by Adrian Taylor, uploaded December 02, 2006
All images by the author
As someone who over many years have had some success in spawning many species of tropical fish, I always get a little nervous, when asked the question, "How do you breed a certain species"? As answering this sort of question, no matter how sincere one is; can be a tad precarious. There are some people who think that there is a magic formula and that you are keeping it to yourself. I tend to look at things as "you are keeping water not fish", get the water conditions right and the fish will for the most part be healthier, and more willing to spawn, all that is needed, is a healthy diet for some, while others need these things, plus a triggering event in order for them to spawn, one such event can be a water change using cooler water.
Male peppered cory (Corydoras paleatus)
One fish that I have had little trouble in spawning over the years is the peppered cory (Corydoras paleatus), and due to this, I decided to use this small South American catfish as the subject in "an attempt to spawn, upon demand", which also happens to be one fish that is readily available at most local fish stores. It's an ideal first species for the budding breeder. It is also one which I already had in my possession, that being a small group of five fish, two females and three males. The largest female used was 45mm SL and the largest male used was 40mm SL.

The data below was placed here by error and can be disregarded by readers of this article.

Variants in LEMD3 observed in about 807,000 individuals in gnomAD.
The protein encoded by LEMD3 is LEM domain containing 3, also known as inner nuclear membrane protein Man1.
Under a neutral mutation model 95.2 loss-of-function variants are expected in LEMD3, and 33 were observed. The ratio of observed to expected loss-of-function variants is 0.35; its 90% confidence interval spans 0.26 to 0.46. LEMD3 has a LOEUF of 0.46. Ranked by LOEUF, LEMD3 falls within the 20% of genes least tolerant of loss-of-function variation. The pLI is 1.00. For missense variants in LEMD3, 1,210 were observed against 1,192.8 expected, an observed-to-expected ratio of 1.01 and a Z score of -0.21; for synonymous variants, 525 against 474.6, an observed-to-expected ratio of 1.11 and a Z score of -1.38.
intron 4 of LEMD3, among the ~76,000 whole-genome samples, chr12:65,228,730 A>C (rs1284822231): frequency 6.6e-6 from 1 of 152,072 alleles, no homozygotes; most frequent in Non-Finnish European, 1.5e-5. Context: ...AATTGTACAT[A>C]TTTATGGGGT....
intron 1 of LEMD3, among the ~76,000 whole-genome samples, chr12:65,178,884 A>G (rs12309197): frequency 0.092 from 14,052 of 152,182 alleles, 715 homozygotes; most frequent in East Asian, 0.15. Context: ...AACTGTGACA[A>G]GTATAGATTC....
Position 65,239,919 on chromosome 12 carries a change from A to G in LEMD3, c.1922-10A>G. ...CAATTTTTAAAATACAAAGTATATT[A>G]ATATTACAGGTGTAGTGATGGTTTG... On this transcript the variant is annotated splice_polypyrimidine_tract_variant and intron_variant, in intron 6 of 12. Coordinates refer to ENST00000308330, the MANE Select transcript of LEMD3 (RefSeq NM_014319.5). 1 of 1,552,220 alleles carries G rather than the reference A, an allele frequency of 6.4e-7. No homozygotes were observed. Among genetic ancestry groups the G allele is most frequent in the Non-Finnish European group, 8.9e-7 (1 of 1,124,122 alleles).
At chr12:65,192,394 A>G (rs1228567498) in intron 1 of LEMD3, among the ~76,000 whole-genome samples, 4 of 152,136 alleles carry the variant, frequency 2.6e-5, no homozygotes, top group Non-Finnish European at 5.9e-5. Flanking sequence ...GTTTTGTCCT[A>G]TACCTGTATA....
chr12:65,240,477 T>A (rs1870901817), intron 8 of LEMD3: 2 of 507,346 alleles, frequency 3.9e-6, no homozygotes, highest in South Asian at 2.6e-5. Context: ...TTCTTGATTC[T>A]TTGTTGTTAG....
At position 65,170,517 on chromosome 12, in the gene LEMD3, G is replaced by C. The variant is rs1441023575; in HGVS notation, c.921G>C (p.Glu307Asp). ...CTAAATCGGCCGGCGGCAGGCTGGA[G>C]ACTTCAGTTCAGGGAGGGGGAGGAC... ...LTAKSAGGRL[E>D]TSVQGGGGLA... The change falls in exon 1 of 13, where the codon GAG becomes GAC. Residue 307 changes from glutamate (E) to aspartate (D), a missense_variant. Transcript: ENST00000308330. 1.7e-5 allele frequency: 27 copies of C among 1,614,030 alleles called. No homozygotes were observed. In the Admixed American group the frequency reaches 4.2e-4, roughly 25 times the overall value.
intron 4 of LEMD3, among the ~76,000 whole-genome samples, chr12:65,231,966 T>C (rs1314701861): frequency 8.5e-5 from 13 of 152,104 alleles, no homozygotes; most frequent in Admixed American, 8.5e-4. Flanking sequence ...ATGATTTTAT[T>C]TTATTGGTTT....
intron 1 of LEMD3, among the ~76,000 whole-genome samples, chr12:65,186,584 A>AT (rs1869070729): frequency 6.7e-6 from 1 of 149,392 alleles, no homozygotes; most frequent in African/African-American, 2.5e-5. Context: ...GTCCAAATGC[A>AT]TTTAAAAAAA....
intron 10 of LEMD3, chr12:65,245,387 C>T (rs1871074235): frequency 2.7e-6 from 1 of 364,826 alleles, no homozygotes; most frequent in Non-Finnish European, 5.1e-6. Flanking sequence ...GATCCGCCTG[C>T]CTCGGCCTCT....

In mid June I transferred these fish to an unheated 25-gallon (UK) capacity tank, which had been placed in an area that received plenty of natural sunlight, and that had been seeded with a small amount of daphnia the previous month, this tank also was bereft of any filtration. Due to an unusually prolonged hot summer, the temperature hardly ever dropped below 20°C even during the evening. On occasion the temperature reached 32°C, but for the most part during the months of July and August the temperature ranged between 23°C and 26°C. Aside from the daphnia that were already present in the tank, I only fed one catfish tablet once a week, I never gave these fish a water change, although on occasion I topped up the water to counter the effects of evaporation. However; I did keep a close eye on them, to make sure that they were not showing any signs of distress, illness or malnutrition, although these fish never showed anything to be concerned about, the fish did seem to show more intense colouration and markings during this period.
Female laying eggs on glass